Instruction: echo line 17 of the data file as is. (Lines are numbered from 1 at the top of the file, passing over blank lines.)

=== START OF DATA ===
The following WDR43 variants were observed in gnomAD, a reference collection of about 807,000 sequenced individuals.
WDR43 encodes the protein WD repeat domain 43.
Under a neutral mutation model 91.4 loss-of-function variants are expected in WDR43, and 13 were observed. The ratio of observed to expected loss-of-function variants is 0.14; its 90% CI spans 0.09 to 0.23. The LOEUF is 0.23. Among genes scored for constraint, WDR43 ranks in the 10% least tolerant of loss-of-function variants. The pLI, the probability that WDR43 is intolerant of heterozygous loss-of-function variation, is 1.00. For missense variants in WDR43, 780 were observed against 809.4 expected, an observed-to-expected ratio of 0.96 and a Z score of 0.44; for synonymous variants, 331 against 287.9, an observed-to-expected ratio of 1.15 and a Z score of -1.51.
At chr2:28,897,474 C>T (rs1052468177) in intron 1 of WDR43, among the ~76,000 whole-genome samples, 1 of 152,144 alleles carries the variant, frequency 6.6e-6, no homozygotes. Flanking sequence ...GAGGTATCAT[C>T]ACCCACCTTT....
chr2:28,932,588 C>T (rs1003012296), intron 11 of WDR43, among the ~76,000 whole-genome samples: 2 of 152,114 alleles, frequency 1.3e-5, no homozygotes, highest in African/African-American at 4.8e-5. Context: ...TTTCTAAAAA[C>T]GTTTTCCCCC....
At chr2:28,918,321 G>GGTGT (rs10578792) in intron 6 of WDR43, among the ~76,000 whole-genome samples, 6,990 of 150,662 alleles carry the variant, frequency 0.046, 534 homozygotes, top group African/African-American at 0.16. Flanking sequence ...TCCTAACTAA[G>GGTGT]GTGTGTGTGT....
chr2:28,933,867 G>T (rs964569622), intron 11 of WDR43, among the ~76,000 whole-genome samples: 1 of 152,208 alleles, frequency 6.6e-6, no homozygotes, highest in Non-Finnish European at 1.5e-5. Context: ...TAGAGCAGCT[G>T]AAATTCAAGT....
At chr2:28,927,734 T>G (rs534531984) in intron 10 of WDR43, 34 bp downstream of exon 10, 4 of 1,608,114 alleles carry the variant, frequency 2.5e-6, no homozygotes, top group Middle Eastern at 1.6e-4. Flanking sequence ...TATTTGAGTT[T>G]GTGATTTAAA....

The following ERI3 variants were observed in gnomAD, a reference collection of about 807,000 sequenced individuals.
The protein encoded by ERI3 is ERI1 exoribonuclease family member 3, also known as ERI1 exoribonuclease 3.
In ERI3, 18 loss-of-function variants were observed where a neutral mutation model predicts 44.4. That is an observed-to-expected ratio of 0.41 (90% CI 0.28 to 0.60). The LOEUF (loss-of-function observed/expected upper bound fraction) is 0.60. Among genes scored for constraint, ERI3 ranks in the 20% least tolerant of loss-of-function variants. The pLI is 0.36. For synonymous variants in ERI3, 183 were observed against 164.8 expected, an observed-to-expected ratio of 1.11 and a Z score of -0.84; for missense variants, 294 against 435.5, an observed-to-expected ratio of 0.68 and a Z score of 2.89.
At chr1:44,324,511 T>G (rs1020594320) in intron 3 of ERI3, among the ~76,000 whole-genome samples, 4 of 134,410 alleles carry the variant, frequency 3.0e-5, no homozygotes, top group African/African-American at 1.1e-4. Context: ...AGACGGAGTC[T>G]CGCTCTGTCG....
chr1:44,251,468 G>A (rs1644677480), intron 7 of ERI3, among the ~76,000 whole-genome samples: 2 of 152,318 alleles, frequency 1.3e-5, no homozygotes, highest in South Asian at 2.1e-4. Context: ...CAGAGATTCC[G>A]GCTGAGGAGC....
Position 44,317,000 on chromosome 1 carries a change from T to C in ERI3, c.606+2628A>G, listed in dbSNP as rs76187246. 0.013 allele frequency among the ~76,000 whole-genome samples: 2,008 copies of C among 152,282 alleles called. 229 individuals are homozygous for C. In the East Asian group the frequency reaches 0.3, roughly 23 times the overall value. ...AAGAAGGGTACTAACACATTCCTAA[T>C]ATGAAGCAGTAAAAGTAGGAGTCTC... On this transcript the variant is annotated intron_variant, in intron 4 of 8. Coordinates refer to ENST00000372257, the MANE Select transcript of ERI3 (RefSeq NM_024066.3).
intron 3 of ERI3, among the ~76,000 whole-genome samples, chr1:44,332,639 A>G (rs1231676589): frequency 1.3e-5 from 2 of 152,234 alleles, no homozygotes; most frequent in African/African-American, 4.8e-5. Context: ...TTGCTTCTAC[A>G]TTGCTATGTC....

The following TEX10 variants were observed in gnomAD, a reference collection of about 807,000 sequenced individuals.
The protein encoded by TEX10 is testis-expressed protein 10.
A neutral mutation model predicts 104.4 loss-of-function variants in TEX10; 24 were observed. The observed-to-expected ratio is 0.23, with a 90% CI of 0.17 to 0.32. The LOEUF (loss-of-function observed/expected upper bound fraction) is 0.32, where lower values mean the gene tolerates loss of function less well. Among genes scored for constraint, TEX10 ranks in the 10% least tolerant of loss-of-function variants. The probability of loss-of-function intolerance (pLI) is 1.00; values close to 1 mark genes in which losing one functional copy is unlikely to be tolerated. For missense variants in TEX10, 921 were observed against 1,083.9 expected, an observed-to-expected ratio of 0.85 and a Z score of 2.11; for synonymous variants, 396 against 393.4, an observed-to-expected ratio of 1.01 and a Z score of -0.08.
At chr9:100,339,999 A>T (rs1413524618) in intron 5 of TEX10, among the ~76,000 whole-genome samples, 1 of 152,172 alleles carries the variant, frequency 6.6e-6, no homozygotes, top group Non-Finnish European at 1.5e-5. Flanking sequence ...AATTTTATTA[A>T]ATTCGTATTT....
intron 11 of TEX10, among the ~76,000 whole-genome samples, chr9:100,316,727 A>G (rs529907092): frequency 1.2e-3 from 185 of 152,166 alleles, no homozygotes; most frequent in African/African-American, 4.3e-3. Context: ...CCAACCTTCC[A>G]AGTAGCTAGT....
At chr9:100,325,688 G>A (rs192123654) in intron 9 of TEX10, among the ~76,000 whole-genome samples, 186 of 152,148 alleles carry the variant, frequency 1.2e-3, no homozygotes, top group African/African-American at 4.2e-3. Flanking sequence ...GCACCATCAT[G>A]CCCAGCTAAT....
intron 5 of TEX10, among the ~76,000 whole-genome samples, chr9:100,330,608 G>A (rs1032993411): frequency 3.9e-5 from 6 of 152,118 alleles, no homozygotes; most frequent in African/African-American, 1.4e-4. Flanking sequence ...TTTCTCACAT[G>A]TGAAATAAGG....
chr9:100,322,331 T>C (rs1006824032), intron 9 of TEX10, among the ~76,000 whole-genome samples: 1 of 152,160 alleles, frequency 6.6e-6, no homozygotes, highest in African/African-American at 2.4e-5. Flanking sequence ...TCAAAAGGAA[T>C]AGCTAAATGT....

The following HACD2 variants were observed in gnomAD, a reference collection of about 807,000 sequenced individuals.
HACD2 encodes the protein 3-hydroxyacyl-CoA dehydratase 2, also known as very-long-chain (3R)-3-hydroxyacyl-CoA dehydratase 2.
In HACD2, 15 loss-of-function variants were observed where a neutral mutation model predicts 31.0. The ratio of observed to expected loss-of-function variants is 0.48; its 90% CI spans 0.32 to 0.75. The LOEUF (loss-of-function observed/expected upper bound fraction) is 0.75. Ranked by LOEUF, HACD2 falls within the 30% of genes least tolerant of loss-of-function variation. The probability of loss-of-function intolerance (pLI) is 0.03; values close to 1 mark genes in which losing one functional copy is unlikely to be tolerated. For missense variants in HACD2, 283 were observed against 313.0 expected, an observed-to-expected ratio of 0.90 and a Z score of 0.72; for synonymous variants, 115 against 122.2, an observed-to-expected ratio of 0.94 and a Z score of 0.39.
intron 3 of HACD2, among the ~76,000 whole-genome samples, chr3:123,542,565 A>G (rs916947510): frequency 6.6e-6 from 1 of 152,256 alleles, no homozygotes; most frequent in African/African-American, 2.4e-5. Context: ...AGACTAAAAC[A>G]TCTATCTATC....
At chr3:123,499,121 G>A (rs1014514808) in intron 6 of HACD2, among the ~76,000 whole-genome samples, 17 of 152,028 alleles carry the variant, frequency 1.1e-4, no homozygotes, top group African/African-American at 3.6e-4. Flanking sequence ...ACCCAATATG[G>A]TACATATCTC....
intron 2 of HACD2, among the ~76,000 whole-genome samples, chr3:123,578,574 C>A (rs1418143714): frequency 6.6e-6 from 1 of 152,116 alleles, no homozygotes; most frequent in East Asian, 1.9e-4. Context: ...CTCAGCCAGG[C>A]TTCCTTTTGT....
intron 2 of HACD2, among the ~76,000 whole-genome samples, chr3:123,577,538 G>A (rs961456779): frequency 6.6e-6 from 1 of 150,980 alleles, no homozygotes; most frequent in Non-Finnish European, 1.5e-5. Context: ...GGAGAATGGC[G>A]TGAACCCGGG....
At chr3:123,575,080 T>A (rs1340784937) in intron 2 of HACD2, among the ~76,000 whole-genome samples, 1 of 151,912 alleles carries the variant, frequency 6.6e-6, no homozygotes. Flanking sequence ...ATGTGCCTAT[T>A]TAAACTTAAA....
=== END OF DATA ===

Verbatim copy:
The protein encoded by TEX10 is testis-expressed protein 10.